So, EPA chief Lisa Jackson testified yesterday to kick off four days of hysteria that will culiminate, naturally, with the Goracle on Friday (I’d leave the snow tires on until Saturday just to be safe).
She was forced to admit that she hadn’t read the bill she was testifying about.
Later, she somehow managed to claim that the same bill would be vastly better than the disastrous “endangerment” rulemaking she had just threatened us all with, obviously to blackmail the weak-kneed into just suing for carbon peace (or at least, what they think will be peace).
Having read much of the bill that she hasn’t, I can attest that the above assessment confirms her prior answer.
You can’t read Waxman-Markey and conclude it’s somehow an acceptably managed chaos compared to “endangerment” regulation; all a regulated party would accomplish by agreeing to legislation instead would be to relieve both the administration and Team Reid-Pelosi them of the political burden that’s kept them from legislating, that prompted the mad scramble last year to get Bush to take ownership of this mess, and that would set off round after round of infighting and threats.
It is worthwhile to bear in mind as this circus proceeds that the parade of horribles Waxman-Markey put in their bill — and all that they refused to put in it, like preemption of ESA and NEPA, of states doing anything other than cap-and-trade, of numerous other CAA provisions kicking in . . . a breathtaking list of threats that would persist unmolested after passage of this vehicle for supposedly providing regulatory “certainty” — make the thing completely unfixable.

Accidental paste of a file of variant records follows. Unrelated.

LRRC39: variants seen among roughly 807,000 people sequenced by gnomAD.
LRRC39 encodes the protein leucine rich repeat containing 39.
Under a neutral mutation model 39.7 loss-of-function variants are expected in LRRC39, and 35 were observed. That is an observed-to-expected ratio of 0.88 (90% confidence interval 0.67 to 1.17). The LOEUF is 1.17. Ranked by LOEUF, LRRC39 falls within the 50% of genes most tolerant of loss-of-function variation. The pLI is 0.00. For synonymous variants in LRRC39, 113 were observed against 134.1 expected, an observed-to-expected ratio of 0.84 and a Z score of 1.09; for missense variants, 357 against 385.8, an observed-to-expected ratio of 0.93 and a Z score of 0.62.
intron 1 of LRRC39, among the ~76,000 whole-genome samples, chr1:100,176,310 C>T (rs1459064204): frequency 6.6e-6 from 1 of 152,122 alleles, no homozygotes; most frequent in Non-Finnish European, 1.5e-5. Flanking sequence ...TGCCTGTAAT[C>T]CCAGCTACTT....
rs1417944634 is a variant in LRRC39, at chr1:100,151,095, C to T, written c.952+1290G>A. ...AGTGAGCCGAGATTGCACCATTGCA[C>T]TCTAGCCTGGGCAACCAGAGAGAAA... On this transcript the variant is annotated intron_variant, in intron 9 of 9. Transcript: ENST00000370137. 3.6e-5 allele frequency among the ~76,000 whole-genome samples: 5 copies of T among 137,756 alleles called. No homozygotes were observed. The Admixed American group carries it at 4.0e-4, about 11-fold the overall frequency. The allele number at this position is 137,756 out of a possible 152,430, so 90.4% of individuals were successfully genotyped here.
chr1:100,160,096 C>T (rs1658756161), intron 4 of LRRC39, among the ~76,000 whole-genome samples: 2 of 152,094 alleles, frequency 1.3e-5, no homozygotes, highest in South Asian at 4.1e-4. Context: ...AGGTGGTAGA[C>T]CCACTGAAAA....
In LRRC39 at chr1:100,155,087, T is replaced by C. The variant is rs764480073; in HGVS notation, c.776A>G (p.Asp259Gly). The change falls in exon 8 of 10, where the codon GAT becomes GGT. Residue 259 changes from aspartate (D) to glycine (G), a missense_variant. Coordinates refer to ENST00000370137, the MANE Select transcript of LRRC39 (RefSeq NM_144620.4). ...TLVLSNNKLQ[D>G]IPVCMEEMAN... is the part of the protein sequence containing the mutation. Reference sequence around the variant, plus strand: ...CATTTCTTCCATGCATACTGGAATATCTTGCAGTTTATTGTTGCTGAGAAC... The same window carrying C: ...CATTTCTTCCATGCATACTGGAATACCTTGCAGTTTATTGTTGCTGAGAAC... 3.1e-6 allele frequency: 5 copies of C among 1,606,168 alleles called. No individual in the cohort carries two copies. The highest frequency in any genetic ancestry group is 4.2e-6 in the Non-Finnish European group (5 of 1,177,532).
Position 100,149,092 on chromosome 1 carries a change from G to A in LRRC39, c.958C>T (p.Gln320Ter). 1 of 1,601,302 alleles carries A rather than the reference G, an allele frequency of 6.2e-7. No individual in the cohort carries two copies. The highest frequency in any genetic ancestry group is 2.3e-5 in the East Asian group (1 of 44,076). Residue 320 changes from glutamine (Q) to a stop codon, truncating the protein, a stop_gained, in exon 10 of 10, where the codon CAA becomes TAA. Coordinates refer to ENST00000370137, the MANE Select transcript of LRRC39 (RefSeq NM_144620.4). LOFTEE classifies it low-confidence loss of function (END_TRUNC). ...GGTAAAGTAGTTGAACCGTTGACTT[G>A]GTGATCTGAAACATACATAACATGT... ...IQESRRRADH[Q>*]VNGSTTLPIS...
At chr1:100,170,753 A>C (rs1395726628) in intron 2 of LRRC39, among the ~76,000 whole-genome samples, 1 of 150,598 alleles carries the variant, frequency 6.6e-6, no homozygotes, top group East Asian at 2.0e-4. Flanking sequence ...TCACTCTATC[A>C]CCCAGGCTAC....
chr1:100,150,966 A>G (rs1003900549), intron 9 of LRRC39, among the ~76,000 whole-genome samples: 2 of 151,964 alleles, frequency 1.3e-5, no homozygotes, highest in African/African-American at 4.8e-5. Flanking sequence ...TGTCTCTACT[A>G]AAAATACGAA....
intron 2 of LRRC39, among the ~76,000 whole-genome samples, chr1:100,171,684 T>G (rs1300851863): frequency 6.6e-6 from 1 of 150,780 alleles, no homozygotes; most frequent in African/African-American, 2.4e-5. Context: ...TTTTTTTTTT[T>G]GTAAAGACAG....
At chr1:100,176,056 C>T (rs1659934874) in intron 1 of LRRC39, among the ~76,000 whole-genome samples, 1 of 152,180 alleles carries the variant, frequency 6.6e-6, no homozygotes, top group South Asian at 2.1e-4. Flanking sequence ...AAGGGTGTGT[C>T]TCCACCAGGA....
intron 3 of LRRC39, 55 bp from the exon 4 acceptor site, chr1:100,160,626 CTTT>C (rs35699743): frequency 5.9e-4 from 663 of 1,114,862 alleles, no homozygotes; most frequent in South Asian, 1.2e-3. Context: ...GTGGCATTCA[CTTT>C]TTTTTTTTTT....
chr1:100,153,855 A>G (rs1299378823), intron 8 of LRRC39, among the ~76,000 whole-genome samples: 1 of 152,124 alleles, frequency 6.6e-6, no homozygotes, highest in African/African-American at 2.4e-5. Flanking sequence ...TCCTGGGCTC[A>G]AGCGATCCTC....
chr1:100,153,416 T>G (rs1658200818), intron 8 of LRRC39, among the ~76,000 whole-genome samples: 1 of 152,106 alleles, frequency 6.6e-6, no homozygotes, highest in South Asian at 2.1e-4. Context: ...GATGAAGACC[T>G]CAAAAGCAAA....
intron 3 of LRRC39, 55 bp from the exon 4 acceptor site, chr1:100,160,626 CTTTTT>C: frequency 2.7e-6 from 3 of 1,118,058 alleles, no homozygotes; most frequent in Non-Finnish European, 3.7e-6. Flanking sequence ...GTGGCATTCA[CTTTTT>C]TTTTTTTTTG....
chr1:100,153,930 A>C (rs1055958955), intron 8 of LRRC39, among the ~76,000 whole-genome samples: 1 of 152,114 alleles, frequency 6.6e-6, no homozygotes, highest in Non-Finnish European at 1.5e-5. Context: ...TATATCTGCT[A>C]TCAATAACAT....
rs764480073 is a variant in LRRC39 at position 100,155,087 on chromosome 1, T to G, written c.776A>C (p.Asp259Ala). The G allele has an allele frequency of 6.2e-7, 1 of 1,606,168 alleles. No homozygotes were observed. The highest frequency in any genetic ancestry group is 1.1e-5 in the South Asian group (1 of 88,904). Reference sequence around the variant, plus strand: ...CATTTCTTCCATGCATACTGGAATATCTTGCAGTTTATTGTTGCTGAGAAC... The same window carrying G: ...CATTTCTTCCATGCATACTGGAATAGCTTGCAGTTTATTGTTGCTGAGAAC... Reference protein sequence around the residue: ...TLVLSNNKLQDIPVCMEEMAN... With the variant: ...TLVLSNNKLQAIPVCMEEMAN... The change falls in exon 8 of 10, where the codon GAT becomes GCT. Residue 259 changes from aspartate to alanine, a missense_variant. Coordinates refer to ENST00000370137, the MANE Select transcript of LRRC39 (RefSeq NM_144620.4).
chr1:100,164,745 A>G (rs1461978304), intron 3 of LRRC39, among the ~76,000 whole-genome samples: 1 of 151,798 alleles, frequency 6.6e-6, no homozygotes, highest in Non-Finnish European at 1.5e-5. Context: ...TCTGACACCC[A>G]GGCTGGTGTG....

This leaves industry better off taking its chances:
- in court litigating the EPA rule, which is entirely grounded in unverifiable computer models and non-peer reviewed documents like IPCC AR4 (grounded in the same models, textbook arbitrariness); and
- with the likelihood that both the admininstration and congressional Democrats will continue “blinking” in their intra-family spat, one that we have no business getting in the middle of since they’re fighting over which of them should get the chair for taking the axe to us.
We’ve seen two major overreaches by the Democrats — the budget’s cap-and-trade revenue stunt, and now this bill. The administration has painted itself into a corner with the “endangerment” threat: “We’ll do something really disastrous to the economy unless you agree to do it first!” Now, either acting means they both lose — mutually assured political destruction, which is why they are desperately seeking to have their bacon saved.
I fail to see the threat. Let’s hope the targeted industries and congressional Republicans continue to see things similarly.